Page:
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Posted by Catherine Cartwright Jones on September 6, 2002 at 15:02:38:

I just got my letter of acceptance to give my paper at a conference on
Menstruation (linked below) next January! Whee!

That's good news and bad news .... I'm delighted with the honor, and
VERY happy that I can push henna research a little farther forward
into the academic body of discussion. The bad news is that I doubt if
I have enough time and resources to do both Southern California and
England in January. I think I'll need to speak to folks about the
Serious SoCal Henna Conference in terms of late 2003 or early 2004.
I'll post on the forum as soon as I have a date, place and things that
you can actually plan around. I hope to have firm information on
Serious Chicago end of March 2003 and Serious Atlanta May 2003 by Oct
1 so people can make arrangements..

Abstract for my paper on henna and menstruation is (Lord this is Word
Doc again so the punctuation may go flying all over the place):

Menstruation and Henna: Pollution and Purification
The Purification Role of Henna Use: Case Studies from North Africa,
the Middle East and Bangladesh

Catherine Cartwright Jones, Kent State University, Kent, Ohio

In traditional Islam, a menstruating woman is vulnerable, weakened,
and polluted, therefore cannot pray, fast, or enter a mosque.
Intercourse with a menstruating woman is strictly forbidden. Islamic
tenets did not create these taboos; they reiterated pre-existing
Semitic traditions. Islamic menstrual taboos are based on a concept
of pollution/vulnerability versus purity/strength. For menstruating
women, the vulnerability derives from the Evil Eye, and a world
populated by Djinn, malevolent spirits irresistibly drawn to blood.
These evil forces cause disease, infertility, and tragedy.
Menstruating women are particularly prone to calamity due to these
destructive forces; therefore misfortune is ascribed to menstruating
women. Henna and running water, within this view of menarche,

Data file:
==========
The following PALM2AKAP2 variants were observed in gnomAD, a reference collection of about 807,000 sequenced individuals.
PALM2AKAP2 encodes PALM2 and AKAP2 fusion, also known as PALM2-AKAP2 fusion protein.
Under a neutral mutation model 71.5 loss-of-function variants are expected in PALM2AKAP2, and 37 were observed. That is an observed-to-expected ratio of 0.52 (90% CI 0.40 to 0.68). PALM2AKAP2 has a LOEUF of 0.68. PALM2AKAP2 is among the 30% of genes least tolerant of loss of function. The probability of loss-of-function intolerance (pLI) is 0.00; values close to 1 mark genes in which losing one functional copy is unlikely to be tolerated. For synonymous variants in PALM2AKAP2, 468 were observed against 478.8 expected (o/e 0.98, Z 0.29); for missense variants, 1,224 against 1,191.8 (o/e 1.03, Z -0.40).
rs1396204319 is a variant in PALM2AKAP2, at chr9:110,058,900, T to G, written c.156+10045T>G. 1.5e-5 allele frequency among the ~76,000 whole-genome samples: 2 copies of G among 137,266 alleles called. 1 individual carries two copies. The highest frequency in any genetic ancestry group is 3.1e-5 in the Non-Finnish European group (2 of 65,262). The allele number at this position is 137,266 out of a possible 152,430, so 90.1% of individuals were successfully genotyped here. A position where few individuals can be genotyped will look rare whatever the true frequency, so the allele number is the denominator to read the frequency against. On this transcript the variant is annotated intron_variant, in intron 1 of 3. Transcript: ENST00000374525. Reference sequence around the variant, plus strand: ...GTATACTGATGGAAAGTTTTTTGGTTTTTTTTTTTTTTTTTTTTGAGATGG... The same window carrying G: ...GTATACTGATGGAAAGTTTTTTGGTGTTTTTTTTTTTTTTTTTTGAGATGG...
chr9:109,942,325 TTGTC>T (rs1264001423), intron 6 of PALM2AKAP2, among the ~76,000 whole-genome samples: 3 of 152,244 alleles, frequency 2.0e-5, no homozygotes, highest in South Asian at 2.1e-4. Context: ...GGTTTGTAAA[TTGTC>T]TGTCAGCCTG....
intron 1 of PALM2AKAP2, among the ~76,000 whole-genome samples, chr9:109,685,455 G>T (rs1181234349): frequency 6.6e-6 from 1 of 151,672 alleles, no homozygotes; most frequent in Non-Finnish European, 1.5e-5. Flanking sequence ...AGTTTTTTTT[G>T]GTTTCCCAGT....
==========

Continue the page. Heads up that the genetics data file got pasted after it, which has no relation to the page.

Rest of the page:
purifies women at the end of the menstrual cycle, so she can resume
prayer, fasting and intercourse. Hennaed women are no longer
especially vulnerable to hazardous evil forces that bring about misery
to their families and communities.

This paper examines the menstrual and genital blood taboos and their
association with Djinn and the Evil Eye, offering examples from
Islamic North Africa, the Middle East and Bangladesh. It demonstrates
that these taboos are based on cultural justifications from medieval
Arab texts that defined menstrual pollution and henna?s purification
as a logical extension of Islamic theological and scientific thought.
I demonstrate that menstrual taboos offered a useful explanation of
disease and calamity, and define women?s position and sexual
expression in society according to oppositions of
pollution/vulnerability or purification/strength. I discuss the
impact of globalization on henna use and menstrual taboos during the
modern era, changed by western fashion and western explanations of
disease and catastrophe.

I don't recommend anyone plan to go to that conference unless you
really love academic conferences .... but if you're in Liverpool U
neighborhood then ..... shall we meet up for a beer? Graeham ...I
think you owe me a beer ....:-)


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